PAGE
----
"With the new law, we want to change people's (smoking) habits and protect non-smokers," Health Minister Darko Milinovic said.
The bill, in line with standards of the European Union which Zagreb aspires to join by 2010, envisages a smoking ban in all education, health and social institutions as well as work places.
Smoking at bars would only be allowed on terraces, while restaurants would have the possibility of allocating a separate room for smokers. But no food or drinks would be allowed to be served in such areas.
The minister said tobacco kills some 10,000 every year while an additional 3,000 people die from passive smoking in Croatia, where 32 percent of the 4.4 million population are smokers.
The cost in Croatia of medical treatment for the consequences of smoking are estimated at some 422 million euros (589 million dollars) annually.
The bill, which envisages fines of up to 2,800 euros, is likely to be forwarded to parliament by the end of the month. Once adopted, it will enter into force within the next six months.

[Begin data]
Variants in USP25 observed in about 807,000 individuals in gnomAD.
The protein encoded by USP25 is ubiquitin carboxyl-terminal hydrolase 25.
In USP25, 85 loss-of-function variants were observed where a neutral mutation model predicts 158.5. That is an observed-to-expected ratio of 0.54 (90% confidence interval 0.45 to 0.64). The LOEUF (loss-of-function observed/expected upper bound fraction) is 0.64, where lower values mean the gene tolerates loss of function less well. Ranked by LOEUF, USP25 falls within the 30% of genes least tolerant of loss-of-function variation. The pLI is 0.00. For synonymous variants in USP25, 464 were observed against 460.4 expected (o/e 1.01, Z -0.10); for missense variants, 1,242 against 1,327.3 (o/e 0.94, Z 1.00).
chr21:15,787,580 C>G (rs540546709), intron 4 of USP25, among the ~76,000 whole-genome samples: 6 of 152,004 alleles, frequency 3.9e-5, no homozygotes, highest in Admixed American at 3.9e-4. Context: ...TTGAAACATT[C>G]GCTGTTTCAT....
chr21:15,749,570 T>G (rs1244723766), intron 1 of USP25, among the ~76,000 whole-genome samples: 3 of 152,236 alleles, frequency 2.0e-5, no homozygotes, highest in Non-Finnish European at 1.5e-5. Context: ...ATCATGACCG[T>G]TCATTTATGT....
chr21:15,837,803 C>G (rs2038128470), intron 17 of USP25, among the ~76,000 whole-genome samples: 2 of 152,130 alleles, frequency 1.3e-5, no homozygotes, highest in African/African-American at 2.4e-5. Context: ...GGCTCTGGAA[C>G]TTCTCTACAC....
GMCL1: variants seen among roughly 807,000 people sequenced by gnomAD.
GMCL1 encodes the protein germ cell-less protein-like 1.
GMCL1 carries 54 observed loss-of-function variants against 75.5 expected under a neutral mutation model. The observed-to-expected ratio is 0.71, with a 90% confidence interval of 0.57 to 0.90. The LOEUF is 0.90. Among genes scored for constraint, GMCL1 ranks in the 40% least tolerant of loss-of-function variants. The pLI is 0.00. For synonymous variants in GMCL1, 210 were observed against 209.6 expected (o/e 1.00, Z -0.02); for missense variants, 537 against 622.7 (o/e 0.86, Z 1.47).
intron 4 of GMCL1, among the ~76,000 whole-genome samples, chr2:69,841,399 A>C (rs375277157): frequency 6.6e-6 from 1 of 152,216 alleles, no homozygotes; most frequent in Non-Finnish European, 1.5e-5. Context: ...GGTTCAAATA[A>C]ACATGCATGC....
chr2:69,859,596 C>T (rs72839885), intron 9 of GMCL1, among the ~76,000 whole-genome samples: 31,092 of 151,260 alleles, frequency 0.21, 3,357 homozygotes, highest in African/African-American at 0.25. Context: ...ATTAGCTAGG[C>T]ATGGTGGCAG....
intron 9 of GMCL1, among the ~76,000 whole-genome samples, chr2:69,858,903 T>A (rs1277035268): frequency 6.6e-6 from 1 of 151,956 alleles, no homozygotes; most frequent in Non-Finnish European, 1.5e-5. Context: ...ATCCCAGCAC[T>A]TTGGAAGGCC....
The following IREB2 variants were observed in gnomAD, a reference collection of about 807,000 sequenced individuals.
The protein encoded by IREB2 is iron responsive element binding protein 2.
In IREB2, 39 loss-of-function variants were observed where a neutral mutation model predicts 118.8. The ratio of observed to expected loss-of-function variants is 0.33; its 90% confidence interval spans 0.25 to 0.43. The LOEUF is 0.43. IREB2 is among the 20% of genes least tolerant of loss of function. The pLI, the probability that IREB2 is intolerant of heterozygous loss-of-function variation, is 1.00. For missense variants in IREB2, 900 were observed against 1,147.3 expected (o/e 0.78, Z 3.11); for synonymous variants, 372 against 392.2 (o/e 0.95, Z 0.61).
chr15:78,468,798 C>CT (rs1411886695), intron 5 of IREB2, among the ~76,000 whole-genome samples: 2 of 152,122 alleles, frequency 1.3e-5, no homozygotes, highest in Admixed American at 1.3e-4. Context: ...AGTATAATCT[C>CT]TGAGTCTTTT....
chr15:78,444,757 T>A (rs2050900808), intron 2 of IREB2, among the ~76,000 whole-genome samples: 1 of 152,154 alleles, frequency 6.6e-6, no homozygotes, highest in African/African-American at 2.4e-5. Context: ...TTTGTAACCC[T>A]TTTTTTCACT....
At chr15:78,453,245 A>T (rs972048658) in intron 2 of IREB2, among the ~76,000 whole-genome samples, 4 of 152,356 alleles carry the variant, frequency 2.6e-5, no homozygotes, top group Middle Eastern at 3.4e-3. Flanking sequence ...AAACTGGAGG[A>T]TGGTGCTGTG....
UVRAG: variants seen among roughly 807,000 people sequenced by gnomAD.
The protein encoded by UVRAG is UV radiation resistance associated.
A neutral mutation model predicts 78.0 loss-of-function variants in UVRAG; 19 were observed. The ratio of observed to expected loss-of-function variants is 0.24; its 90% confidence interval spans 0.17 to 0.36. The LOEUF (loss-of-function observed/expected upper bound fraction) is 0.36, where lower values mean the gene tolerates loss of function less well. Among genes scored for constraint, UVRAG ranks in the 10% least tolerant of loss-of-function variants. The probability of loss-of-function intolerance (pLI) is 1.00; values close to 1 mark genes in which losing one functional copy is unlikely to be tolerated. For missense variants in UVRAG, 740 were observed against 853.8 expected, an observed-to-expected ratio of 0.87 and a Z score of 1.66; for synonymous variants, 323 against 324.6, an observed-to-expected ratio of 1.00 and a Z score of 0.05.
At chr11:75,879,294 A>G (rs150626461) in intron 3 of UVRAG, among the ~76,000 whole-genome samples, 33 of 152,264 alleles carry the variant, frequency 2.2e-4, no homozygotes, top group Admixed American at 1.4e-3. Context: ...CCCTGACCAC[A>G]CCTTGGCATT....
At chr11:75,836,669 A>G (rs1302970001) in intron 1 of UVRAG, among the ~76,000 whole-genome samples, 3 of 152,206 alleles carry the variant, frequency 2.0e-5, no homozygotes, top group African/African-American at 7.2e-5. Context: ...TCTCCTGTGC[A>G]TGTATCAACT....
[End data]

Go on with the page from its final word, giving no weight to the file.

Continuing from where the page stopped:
Under current laws, smoking is banned in health and education facilities, while in other public areas separate smoking areas have to be marked. But the rules are often ignored, notably in bars, restaurants and offices.
The new legislation has already sparked controversy in the country, whose economy heavily relies on the tourism industry.
The Balkans are home to Europe's most inveterate smokers, where 30 to 40 percent of all adults are gripped by the habit, a major cause of premature death, according to the World Health Organisation.